this post was originally published on my Goodreads account.
It’s interesting how Gene Wolfe approaches his world, taking the “hero leaves the city to go on a quest” formula and doing unexpected things with it. For one thing, the hero doesn’t leave the city until the end of the first book, and for another, there’s a remarkable lack of background color–if we see something described, it’s got direct significance to the plot. And yet, at the end of the book, we still know stuff about the world we didn’t before. The way we matter-of-factly move from encounter to encounter, each one seemingly full of a significance we can never fully understand, is an utterly unique experience to me in modern fantasy, and really the only things I can compare it to are poems like The Divine Comedy and The Faerie Queene.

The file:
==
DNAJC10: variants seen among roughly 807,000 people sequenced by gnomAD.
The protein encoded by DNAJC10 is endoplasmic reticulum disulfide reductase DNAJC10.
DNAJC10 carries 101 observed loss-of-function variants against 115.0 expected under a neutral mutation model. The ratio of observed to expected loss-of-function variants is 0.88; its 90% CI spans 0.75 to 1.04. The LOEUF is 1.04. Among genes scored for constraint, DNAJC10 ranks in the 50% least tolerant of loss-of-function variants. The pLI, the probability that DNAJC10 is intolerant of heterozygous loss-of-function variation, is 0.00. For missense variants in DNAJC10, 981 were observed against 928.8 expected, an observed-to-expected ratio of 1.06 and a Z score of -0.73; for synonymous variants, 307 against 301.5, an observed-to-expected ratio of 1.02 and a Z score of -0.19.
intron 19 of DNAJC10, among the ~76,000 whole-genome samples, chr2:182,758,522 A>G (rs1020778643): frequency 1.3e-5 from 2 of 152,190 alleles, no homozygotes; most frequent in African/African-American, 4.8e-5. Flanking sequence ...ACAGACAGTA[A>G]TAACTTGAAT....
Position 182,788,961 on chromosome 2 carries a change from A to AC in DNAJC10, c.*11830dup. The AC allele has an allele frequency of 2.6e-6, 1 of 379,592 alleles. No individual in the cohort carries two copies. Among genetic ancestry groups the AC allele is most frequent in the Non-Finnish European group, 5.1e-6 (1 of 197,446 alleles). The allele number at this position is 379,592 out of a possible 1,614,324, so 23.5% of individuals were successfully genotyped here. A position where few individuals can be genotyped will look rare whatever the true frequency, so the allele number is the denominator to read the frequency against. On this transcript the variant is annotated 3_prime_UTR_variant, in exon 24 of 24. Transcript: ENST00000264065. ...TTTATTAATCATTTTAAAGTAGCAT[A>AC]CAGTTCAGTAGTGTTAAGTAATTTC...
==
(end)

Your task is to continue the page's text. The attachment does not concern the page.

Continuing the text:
Obviously, this is only half a novel, but I love the world, with its unfathomable, uncountable millions packed into cities so big that the wall is a line on the horizon, and its wildernesses full of evolved humanoids that seem to be have settled into their own ecological niche, and the characters, while distant from the reader, inspire affection in me, even if I don’t always understand why they do what they do. Lots of fantasy worlds start by feeling massive, only for the heroes to travel to every single place and befriend or kill every single leader of every country in what seems like a matter of months. The first half of Book of the New Sun shows how you can make your world feel truly massive through restraint.